and Good Friday:
Must Non-Christians Receive Two Additional Paid Days Off?
By Sherrard Kuzz LLP, Employment and Labour Lawyers - an HR-Fusion Strategic Partner
In a recent decision, the Human Rights
Tribunal of Ontario (“Tribunal”) confirmed that employers are not necessarily
obliged to provide employees who do not observe Christmas and Good Friday with
two days of paid religious leave to mirror those public holidays (Markovic v. Autocom Manufacturing Ltd.). This decision is particularly helpful to
employer’s whose workforces are becoming increasingly diverse.
The Complainant, Mr. Markovic, was a member of the Serbian Orthodox Church, which celebrates Eastern Orthodox Christmas roughly two weeks after Western Christmas. Mr. Markovic made a complaint to the Ontario Human Rights Commission (“Commission”) alleging that his employer, Autocom, discriminated against him on the basis of his creed by failing to pay him when he took time off to observe Eastern Orthodox Christmas.
Subsequent to Mr.
Markovic’s complaint, Autocom developed a policy to address requests for time
off for religious observance. The policy
provided employees with a “menu of options” that primarily allowed for
scheduling changes, including:
- taking time off and making up time at a later date when the employee would not ordinarily be scheduled to work
- taking time off and making up time by working on a secular holiday when the workplace is operating, subject to the Employment Standards Act, 2000
- switching shifts with another employee
- adjusting the employee’s shift schedule where possible
- applying outstanding paid vacation time
- taking a leave of absence without pay
The question before the Tribunal was whether Autocom’s policy was contrary to the Human Rights Code (“Code”) and case law regarding religious accommodation.
A key argument against Autocom’s policy was
the fact that the Commission had a long-standing, non-binding, policy of its
own entitled Policy On Creed and the
Accommodation of Religious Observances.
This Policy requires employers
to provide to employees who are members of non-Western Christian religions at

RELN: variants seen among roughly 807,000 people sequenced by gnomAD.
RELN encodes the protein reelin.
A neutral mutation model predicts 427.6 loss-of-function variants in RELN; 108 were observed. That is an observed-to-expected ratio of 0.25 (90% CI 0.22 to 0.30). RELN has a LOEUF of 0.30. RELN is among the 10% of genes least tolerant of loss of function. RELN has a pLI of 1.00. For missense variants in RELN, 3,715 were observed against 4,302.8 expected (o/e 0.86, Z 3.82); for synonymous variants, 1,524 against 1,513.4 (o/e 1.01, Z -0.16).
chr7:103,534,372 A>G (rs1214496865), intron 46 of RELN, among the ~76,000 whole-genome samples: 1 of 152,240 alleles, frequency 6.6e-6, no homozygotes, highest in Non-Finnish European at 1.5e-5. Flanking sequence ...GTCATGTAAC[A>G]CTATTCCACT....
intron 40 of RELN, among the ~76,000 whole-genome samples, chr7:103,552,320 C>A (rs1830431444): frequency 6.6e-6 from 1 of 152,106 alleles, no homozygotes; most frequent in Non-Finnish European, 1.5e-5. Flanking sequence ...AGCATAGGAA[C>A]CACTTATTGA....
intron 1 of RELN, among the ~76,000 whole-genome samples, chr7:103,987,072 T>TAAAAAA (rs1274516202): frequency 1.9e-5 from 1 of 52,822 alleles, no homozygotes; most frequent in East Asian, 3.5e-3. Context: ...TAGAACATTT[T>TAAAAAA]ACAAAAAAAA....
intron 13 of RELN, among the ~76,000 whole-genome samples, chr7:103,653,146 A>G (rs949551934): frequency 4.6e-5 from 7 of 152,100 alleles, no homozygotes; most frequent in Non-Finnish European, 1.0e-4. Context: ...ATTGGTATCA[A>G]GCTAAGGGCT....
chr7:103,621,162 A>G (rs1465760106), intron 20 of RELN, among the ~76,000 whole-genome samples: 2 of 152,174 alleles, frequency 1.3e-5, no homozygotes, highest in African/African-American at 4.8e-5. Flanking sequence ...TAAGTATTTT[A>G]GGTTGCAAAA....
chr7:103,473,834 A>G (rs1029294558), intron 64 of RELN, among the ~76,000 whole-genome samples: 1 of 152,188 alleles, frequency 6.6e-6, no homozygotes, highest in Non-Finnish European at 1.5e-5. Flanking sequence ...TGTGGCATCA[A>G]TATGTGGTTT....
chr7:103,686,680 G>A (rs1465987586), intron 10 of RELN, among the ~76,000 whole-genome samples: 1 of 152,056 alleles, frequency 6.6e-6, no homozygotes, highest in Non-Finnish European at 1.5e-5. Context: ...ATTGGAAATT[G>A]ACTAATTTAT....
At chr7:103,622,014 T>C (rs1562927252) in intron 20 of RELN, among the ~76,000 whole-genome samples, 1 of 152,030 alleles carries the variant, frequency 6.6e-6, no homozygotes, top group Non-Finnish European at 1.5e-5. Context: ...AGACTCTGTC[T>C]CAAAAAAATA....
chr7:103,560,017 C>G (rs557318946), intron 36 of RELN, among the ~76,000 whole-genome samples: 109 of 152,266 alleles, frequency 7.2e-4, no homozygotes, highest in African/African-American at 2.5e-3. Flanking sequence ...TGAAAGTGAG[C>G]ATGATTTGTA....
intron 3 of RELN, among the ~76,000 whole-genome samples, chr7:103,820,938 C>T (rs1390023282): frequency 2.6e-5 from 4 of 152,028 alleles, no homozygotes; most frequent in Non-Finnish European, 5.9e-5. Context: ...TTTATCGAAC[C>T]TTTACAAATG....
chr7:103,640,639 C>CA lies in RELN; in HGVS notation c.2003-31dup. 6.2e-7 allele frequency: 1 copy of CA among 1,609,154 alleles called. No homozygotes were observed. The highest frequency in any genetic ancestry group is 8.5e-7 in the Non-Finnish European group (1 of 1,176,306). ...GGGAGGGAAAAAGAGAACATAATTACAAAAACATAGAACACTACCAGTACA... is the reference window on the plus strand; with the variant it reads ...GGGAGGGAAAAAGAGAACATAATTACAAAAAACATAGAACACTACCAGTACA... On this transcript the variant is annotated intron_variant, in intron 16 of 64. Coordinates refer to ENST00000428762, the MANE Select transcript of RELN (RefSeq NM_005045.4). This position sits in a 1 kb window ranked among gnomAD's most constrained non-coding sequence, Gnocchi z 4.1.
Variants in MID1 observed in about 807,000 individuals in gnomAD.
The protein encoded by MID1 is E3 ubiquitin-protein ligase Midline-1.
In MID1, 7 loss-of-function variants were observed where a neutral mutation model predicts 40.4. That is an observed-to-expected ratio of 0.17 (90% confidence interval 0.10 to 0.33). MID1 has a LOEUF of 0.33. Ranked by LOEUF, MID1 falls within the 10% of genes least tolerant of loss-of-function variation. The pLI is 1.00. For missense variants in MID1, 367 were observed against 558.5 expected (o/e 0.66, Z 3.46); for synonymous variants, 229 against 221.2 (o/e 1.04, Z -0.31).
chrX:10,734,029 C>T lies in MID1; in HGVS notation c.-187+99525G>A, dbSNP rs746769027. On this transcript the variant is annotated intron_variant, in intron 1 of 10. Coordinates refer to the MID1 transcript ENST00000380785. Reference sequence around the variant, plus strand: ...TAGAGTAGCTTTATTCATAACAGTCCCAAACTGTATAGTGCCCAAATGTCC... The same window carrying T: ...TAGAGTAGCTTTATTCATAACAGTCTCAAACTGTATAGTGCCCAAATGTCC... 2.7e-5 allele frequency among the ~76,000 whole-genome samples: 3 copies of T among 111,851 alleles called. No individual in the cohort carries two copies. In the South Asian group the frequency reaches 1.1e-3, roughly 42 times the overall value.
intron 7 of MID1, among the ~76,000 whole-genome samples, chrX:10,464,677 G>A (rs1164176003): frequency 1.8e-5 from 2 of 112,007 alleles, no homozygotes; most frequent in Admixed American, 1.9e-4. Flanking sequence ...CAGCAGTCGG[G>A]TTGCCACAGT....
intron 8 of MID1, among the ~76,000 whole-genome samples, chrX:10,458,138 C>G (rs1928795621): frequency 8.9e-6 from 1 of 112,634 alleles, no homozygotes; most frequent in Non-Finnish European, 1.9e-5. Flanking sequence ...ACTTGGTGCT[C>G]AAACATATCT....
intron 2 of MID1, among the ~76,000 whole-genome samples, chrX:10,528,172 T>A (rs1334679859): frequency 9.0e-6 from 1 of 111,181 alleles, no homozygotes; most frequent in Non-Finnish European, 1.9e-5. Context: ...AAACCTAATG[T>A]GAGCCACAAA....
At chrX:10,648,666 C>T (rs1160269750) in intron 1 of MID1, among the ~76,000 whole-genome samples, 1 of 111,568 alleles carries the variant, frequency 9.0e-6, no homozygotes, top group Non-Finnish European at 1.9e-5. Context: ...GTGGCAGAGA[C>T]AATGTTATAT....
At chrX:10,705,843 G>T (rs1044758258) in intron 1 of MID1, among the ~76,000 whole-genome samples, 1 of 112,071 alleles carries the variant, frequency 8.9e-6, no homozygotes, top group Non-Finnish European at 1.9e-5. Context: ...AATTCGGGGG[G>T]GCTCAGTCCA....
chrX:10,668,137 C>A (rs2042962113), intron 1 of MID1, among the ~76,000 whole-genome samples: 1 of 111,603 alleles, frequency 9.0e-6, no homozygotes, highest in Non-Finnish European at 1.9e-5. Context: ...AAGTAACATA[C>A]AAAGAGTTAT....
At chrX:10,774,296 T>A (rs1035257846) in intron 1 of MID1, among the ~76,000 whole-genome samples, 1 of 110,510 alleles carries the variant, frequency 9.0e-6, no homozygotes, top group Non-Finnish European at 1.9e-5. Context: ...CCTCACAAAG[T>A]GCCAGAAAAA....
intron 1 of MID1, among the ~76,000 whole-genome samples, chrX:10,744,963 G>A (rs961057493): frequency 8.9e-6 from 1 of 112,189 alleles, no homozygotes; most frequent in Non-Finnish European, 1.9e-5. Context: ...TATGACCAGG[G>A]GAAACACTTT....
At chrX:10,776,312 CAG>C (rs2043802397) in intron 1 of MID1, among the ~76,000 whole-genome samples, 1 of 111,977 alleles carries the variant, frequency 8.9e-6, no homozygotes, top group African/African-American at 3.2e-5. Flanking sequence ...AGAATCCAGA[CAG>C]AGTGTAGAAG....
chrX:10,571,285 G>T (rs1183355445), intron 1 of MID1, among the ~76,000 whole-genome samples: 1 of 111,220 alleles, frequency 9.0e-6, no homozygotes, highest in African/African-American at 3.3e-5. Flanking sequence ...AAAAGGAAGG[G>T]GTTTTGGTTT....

least two days paid leave to mirror the public holidays on Christmas Day and Good
Autotcom policy offered a range of options to non-Western Christian
employees. However, the policy did not
offer two days paid leave as required
by the Commission’s Policy.
The Tribunal upheld Autocom’s policy, finding that it was not contrary to the Code or applicable case law.
The Tribunal’s decision is based on two key findings: First, the Tribunal found that the public holidays of Christmas Day and Good Friday “although [they] … originated in Western Christian observances … are now considered secular pause days”. As such, the Tribunal concluded, it is not discriminatory that these specific days are public holidays. However - and this is the Tribunal’s second finding - a work schedule which permits Western Christians time off to celebrate two of the most important Christian holidays, but which requires non-Christians to work on their holy days, is discriminatory. In other words, the discrimination arises out of the work schedule.
The solution, said the Tribunal - relying on the Court of Appeal’s decision
in Ontario (Ministry of Community and
Social Services) v. O.P.S.E.U. (Tratnyek) – is to provide an
opportunity for non-Western Christians to observe their holy days without a
loss of pay. This does not necessarily
require an employer to grant two days paid leave: “To put it simply, where the “problem” is the need for time, the
solution is the enabling of time”. Adjustments to work schedules could in
most cases provide an appropriate accommodation).
An employer has an obligation to design workplace standards that recognize and accommodate workplace diversity. In the case of religious observance, the Tribunal confirmed that this goal can be met by providing employees with a range of options that do not result in loss of pay (e.g. the majority of Autocom’s menu of options).
That is not to say that scheduling changes will always be a reasonable and appropriate accommodation. The nature of some jobs and occupations may not allow for the rearrangement of an employee’s schedule. In those cases, the solution may be that the employer must offer a paid day off.
To learn more, or to discuss how the Tribunal’s decision may apply to your workplace, please contact a member of our team.
This information is provided for general information purposes only and does not constitute legal or other professional advice. Readers are advised to seek specific legal advice from members of Sherrard Kuzz LLP (or their own legal counsel) in relation to any decision or course of action contemplated.